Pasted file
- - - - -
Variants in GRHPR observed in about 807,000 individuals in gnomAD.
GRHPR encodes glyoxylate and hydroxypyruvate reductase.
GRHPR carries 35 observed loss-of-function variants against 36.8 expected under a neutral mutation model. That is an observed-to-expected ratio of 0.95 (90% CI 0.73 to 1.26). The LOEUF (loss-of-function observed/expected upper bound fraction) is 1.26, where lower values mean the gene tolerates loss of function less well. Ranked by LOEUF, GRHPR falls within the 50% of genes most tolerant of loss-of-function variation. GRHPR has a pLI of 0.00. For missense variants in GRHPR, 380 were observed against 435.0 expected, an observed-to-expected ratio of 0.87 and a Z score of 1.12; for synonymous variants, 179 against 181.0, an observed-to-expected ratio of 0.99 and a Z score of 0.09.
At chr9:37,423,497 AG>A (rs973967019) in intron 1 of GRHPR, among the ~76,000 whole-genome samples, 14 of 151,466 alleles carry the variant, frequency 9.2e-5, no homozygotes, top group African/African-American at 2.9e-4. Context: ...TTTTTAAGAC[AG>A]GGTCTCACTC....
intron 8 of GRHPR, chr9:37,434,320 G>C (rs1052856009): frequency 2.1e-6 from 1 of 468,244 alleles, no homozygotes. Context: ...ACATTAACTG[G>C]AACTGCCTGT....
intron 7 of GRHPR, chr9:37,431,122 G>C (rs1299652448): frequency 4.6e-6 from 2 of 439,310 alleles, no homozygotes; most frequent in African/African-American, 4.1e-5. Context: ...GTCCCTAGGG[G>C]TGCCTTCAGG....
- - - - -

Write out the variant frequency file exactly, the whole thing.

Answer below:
Variants in GRHPR observed in about 807,000 individuals in gnomAD.
GRHPR encodes glyoxylate and hydroxypyruvate reductase.
GRHPR carries 35 observed loss-of-function variants against 36.8 expected under a neutral mutation model. That is an observed-to-expected ratio of 0.95 (90% CI 0.73 to 1.26). The LOEUF (loss-of-function observed/expected upper bound fraction) is 1.26, where lower values mean the gene tolerates loss of function less well. Ranked by LOEUF, GRHPR falls within the 50% of genes most tolerant of loss-of-function variation. GRHPR has a pLI of 0.00. For missense variants in GRHPR, 380 were observed against 435.0 expected, an observed-to-expected ratio of 0.87 and a Z score of 1.12; for synonymous variants, 179 against 181.0, an observed-to-expected ratio of 0.99 and a Z score of 0.09.
At chr9:37,423,497 AG>A (rs973967019) in intron 1 of GRHPR, among the ~76,000 whole-genome samples, 14 of 151,466 alleles carry the variant, frequency 9.2e-5, no homozygotes, top group African/African-American at 2.9e-4. Context: ...TTTTTAAGAC[AG>A]GGTCTCACTC....
intron 8 of GRHPR, chr9:37,434,320 G>C (rs1052856009): frequency 2.1e-6 from 1 of 468,244 alleles, no homozygotes. Context: ...ACATTAACTG[G>C]AACTGCCTGT....
intron 7 of GRHPR, chr9:37,431,122 G>C (rs1299652448): frequency 4.6e-6 from 2 of 439,310 alleles, no homozygotes; most frequent in African/African-American, 4.1e-5. Context: ...GTCCCTAGGG[G>C]TGCCTTCAGG....